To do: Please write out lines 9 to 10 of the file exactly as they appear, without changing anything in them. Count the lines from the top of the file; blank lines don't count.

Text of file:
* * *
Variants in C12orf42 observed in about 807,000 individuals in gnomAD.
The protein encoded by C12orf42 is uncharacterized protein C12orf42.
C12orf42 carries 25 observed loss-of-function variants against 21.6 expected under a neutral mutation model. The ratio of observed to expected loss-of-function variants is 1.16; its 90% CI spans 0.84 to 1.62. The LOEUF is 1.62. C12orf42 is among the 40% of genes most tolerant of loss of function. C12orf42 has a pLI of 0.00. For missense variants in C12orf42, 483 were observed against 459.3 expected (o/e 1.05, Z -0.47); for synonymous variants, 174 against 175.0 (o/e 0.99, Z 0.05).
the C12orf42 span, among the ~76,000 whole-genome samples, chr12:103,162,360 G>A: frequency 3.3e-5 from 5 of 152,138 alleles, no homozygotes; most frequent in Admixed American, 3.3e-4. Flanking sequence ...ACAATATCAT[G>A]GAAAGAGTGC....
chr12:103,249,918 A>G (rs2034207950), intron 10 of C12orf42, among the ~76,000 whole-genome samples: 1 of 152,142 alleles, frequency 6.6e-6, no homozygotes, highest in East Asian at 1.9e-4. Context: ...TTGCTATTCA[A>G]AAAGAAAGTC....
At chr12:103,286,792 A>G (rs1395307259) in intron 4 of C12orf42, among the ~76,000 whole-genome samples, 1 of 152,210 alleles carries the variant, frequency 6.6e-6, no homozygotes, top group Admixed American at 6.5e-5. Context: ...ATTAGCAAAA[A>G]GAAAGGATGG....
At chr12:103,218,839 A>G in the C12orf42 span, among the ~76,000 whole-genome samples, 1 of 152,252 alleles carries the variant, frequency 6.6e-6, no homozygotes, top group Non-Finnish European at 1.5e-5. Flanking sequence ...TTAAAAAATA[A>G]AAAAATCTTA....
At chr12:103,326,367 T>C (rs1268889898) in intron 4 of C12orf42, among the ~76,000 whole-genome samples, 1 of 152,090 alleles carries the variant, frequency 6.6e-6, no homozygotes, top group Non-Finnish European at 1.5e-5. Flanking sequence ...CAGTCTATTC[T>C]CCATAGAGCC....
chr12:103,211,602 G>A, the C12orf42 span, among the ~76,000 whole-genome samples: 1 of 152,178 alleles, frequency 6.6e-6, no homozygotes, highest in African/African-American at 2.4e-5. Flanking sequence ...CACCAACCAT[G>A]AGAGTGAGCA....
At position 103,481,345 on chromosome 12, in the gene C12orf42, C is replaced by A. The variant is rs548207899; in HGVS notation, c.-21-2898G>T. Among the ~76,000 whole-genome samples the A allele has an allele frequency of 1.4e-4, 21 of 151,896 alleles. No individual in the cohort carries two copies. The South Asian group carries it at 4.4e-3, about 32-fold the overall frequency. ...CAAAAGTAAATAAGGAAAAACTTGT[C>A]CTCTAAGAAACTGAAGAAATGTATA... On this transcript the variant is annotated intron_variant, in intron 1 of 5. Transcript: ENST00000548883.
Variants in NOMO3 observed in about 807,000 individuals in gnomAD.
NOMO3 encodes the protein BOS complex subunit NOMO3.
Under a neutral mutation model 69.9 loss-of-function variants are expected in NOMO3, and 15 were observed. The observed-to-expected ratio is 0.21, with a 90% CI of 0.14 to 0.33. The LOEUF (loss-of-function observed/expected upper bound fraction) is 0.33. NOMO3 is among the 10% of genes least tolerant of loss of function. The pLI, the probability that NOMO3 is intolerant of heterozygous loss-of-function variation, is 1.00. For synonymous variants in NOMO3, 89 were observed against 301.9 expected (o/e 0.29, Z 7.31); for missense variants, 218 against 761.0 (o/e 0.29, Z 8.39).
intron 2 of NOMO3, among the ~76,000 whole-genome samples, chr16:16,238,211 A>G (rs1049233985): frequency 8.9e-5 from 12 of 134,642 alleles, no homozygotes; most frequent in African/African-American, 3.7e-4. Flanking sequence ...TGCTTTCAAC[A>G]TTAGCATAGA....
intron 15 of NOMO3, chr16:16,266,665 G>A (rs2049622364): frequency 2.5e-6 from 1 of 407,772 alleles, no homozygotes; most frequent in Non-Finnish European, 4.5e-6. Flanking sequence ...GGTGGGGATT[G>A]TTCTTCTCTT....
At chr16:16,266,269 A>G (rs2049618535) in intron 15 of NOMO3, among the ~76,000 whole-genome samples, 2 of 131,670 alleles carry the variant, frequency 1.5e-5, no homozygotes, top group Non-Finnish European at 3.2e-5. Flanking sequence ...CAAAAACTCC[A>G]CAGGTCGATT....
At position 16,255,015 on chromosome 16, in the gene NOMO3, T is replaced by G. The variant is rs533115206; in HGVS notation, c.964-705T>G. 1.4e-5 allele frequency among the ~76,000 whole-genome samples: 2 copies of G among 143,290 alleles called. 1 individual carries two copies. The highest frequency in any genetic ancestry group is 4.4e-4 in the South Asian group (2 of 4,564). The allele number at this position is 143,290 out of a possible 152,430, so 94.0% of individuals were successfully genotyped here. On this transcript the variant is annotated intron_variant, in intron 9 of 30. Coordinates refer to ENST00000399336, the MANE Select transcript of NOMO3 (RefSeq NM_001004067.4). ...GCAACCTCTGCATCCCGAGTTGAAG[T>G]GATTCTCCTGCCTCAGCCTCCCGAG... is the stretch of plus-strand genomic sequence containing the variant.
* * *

chr12:103,211,602 G>A, the C12orf42 span, among the ~76,000 whole-genome samples: 1 of 152,178 alleles, frequency 6.6e-6, no homozygotes, highest in African/African-American at 2.4e-5. Flanking sequence ...CACCAACCAT[G>A]AGAGTGAGCA....
At position 103,481,345 on chromosome 12, in the gene C12orf42, C is replaced by A. The variant is rs548207899; in HGVS notation, c.-21-2898G>T. Among the ~76,000 whole-genome samples the A allele has an allele frequency of 1.4e-4, 21 of 151,896 alleles. No individual in the cohort carries two copies. The South Asian group carries it at 4.4e-3, about 32-fold the overall frequency. ...CAAAAGTAAATAAGGAAAAACTTGT[C>A]CTCTAAGAAACTGAAGAAATGTATA... On this transcript the variant is annotated intron_variant, in intron 1 of 5. Transcript: ENST00000548883.